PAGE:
The early stages of the Internet felt a bit like the free love era, in that people could pretty much do what they wanted, even if it was bad for them. I remember having many conversations with telecom carriers about the issues of consumers doing stupid things, getting their devices pwned, and then wreaking havoc on other consumers on the same network. For years the carriers stuck their heads in the sand, basically offering endpoint protection suites for free and throwing bandwidth at the problem.

But that seems to be changing. I know a few large- scale ISPs who put compromised devices in the penalty box, preventing them from doing much of anything until the device is fixed. This is an expensive proposition for an ISP. You, like me, probably end up doing a decent amount of tech support for less sophisticated family members, and you know how miserable it is to actually remediate a pwned machine.

But as the operating systems have gotten much better at protecting themselves, attackers increasingly target applications. And that means attacking browsers (and other high-profile apps such as Adobe Reader and Java) where they are weakest: the plug-in architecture. So kudos to Mozilla, who has started blocking plug-ins as their default setting.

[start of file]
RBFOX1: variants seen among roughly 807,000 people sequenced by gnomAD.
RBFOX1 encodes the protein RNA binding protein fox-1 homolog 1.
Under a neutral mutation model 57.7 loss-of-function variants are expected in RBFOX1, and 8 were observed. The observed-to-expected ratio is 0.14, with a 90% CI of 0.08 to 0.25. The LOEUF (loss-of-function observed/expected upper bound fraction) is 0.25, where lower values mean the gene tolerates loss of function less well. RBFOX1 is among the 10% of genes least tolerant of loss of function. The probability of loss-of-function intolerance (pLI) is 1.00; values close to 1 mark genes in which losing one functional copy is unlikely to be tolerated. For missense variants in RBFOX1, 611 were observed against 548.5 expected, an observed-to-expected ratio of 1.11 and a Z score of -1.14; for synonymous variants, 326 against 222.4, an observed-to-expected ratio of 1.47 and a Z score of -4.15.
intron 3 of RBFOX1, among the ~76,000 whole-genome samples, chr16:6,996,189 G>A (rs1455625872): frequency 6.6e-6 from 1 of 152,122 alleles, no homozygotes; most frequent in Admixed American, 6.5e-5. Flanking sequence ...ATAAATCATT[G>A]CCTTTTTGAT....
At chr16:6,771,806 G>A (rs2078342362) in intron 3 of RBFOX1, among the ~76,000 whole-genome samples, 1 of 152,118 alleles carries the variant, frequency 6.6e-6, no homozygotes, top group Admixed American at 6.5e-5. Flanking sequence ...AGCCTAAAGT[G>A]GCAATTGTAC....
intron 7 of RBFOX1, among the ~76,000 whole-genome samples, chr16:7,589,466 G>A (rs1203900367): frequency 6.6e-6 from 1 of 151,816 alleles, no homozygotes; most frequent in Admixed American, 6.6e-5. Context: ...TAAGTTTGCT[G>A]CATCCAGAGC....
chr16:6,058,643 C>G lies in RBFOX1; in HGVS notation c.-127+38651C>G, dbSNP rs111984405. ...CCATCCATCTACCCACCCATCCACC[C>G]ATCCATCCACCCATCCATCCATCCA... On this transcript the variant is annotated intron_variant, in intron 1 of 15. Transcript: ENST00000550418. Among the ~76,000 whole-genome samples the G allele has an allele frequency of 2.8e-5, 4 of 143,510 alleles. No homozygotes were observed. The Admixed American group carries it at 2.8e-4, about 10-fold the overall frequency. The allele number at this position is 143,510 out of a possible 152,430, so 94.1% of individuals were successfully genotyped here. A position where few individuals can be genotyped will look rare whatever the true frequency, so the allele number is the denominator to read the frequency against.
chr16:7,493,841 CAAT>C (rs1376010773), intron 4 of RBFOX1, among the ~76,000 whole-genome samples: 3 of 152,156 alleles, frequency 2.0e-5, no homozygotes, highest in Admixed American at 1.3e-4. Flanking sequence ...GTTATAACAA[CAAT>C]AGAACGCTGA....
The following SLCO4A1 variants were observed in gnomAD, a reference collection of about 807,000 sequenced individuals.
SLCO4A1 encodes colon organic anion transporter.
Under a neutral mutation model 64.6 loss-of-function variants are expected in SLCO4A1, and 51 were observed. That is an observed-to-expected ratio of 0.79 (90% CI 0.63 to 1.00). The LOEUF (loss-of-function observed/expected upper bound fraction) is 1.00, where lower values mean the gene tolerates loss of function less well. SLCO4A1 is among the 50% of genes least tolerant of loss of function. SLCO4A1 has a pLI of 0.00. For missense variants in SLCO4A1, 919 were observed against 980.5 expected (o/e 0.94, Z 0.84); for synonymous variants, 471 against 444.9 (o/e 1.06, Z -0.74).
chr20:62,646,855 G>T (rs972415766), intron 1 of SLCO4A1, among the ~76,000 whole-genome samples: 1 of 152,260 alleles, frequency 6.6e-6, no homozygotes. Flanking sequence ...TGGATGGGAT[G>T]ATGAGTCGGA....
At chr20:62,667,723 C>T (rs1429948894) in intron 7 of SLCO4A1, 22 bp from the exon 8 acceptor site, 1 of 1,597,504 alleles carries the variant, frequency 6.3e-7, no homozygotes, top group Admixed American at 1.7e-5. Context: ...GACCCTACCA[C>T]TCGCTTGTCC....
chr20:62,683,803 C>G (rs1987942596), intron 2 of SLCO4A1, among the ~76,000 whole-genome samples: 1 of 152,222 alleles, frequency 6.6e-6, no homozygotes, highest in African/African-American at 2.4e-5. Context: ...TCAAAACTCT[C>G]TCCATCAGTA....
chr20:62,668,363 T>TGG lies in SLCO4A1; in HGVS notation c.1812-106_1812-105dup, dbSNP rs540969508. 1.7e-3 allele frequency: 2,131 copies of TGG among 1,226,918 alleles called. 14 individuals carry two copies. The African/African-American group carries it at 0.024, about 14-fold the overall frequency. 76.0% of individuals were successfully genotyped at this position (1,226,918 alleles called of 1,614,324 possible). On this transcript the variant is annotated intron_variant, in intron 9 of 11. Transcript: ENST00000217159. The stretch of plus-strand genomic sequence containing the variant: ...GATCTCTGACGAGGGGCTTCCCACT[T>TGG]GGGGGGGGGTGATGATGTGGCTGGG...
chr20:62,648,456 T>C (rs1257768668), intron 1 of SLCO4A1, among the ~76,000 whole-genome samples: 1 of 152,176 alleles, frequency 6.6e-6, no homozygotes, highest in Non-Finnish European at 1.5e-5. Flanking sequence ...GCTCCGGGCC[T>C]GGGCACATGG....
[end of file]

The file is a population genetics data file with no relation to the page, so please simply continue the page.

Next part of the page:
It will now be up to the user to enable plug-ins, such as Java, Adobe, and Silverlight, according to Mozilla director of security assurance Michael Coates, who announced the new functionality yesterday in a blog post. Mozilla’s Click to Play feature will be the tool for that: “Previously Firefox would automatically load any plugin requested by a website. Leveraging Click to Play, Firefox will only load plugins when a user takes the action of clicking to make a particular plugin play, or the user has previously configured Click To Play to always run plugins on the particular website,” he wrote.

Of course users will still be able to get around it (like the new Gatekeeper feature in Mac OS X), but they will need to make a specific decision to activate the plug-in. It’s a kind of default deny approach to plug-ins, which is a start. And more importantly it’s an indication that application software makers are willing to adversely affect the user experience to reduce attack surface. Which is good news from where I sit.